The nominee for the commander post at U.S. Southern Command told Congress she would build upon her predecessor's efforts and work diligently with U.S. partners to ensure Southcom fully accounts for the defense challenges and opportunities in Central and South America and the Caribbean.
Army Lt. Gen. Laura J. Richardson testified in her nomination hearing today for promotion to general and assuming command of Southcom before the Senate Armed Forces Committee. Currently serving as the commander of U.S. Army North at Fort Sam Houston, Texas, Richardson would replace outgoing Southcom commander Navy Adm. Craig S. Faller.
In this era of long-term strategic competition, the United States must remain the partner of choice throughout the Western Hemisphere, Richardson told the committee.
"[The] Southern Command region is of strategic importance to U.S. vital interests, and, if confirmed, I will synchronize our approach to security cooperation, working across all combatant commands to narrow the gaps and seams our competitors are exploiting," she said.
Today, many of the United States' closest partners in the region are still fighting bravely against the COVID-19 pandemic, she said.
"We are all too familiar with the devastation caused by this deadly pandemic, and I empathize with those who have felt its horrific impacts. More than a humanitarian crisis, this devastation is changing the geopolitical landscape," Richardson said. "Authoritarian regimes and transnational criminal organizations enabled by China and encouraged by Russia are attempting to consolidate power in the region, and free societies are being directly challenged."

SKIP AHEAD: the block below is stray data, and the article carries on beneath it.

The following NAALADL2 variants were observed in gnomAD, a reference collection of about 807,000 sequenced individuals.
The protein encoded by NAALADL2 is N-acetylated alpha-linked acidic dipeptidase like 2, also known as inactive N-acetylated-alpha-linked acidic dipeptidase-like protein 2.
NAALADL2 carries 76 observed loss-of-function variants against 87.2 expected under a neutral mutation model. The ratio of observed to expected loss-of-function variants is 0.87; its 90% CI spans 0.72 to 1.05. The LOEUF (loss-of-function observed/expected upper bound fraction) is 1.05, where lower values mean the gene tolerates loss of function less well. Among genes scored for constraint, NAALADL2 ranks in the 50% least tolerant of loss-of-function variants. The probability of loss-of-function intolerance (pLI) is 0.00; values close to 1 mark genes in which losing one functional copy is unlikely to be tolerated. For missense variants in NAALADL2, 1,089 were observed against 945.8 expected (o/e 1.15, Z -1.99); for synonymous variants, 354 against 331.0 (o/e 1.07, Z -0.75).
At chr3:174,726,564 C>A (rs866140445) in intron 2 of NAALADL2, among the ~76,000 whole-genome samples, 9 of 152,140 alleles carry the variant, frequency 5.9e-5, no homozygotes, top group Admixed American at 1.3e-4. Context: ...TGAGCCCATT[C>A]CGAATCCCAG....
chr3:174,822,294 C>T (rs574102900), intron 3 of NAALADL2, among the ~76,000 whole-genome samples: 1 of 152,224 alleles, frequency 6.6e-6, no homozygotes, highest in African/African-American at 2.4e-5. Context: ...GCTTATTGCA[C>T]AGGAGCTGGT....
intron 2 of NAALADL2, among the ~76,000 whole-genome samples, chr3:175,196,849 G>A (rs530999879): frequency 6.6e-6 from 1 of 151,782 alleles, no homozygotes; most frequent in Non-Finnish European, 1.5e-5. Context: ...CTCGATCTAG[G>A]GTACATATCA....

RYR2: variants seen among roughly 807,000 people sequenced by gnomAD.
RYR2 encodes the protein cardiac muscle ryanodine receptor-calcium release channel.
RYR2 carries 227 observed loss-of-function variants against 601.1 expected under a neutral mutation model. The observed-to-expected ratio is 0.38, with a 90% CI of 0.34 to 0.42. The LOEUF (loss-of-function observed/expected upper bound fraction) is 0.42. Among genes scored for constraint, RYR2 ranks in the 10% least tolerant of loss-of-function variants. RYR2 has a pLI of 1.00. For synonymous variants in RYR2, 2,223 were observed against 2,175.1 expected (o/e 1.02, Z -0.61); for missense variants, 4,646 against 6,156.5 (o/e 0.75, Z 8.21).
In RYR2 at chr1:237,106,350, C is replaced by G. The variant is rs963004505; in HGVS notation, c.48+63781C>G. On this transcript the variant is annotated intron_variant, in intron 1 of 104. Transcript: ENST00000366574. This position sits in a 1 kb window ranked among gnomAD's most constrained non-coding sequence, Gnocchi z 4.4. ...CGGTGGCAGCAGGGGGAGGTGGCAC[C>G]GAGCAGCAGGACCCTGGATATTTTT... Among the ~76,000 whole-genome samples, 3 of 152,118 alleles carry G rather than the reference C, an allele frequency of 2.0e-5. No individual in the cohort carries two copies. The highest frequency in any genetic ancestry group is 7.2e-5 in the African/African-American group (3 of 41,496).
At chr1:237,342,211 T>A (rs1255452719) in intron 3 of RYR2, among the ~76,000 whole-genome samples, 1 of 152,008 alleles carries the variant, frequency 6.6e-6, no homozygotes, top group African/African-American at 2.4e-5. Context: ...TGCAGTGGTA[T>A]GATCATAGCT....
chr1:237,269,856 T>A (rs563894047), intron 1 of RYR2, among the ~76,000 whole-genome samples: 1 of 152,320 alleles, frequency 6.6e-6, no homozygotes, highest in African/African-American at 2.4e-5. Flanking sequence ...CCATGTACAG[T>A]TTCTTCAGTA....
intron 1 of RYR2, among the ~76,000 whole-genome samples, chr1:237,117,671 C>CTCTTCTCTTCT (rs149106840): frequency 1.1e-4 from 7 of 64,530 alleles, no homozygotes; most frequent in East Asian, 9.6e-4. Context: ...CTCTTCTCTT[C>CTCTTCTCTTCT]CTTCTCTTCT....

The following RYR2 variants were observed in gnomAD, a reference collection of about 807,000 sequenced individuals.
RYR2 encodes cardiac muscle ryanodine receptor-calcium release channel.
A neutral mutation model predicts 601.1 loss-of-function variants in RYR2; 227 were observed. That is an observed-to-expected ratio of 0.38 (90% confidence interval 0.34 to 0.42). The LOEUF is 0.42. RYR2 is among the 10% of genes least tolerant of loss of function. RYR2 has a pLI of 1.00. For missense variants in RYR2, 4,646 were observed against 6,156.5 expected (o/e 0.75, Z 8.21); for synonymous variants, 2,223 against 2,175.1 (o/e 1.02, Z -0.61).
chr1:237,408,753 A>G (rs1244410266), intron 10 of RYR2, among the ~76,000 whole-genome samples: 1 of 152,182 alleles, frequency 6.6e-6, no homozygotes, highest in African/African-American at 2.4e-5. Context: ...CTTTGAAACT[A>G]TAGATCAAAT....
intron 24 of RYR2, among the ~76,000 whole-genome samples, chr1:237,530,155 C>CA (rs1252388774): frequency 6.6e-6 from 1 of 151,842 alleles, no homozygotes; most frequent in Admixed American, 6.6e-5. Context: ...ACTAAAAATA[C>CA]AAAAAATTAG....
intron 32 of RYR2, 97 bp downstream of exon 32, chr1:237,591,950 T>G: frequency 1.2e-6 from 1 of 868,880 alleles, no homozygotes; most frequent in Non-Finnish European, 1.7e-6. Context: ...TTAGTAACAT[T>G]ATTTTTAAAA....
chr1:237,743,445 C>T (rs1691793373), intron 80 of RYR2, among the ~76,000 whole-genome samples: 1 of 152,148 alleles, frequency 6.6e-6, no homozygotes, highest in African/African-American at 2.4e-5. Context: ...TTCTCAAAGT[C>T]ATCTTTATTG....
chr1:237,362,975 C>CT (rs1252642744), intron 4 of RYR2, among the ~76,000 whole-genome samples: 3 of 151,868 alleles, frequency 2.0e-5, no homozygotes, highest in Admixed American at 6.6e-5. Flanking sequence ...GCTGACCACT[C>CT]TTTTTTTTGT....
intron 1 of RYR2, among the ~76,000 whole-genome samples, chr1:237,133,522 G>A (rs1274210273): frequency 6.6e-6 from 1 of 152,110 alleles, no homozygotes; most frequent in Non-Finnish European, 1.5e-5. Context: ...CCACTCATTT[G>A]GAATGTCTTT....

While U.S. competitors are attempting to profit from our partners' vulnerable circumstances, Richardson said she stands ready to support the coordinated and prioritized whole-of-government effort in support of partner nations on vaccine distribution.
Richardson said she will focus on rebuilding regional resilience by expanding U.S. security cooperation efforts and multilateral exercises, increasing international military education and training exchanges, and working with the Defense Department and Congress on innovative methods to increase levels of interoperability and global integration.
"Through a comprehensive and multilateral approach, we can strengthen regional resilience by denying freedom of movement to transnational criminal organizations," she said. "And by reducing exposure to the corrosive efforts of external state actors in our shared hemisphere, we thereby improve security of our southern border," Richardson added.
The United States draws upon the strength of the Western Hemisphere from partner nations that share U.S. values of freedom, democracy, respect for human rights and the rule of law, Richardson said, adding the U.S. cannot take these relationships for granted or let its guard down as competitors vie for influence.
"We must hasten to pick up the pieces left by the pandemic and transform our relationships to meet 21st century security challenges. Put simply, winning together with our allies and partners matters," she noted.
Richardson said if she is confirmed, she would look forward to continuing to serve the American people by leading the "great team" at Southcom. Just as she has worked with numerous agencies within U.S. borders, Richardson said she would work with U.S. interagency partners abroad.
"Whether [working] against COVID, transnational criminal organizations, the predatory actions of China, the malign influence of Russia, or natural disasters, there's nothing we cannot overcome or achieve through an integrated response with our interagency allies and partners," Richardson said.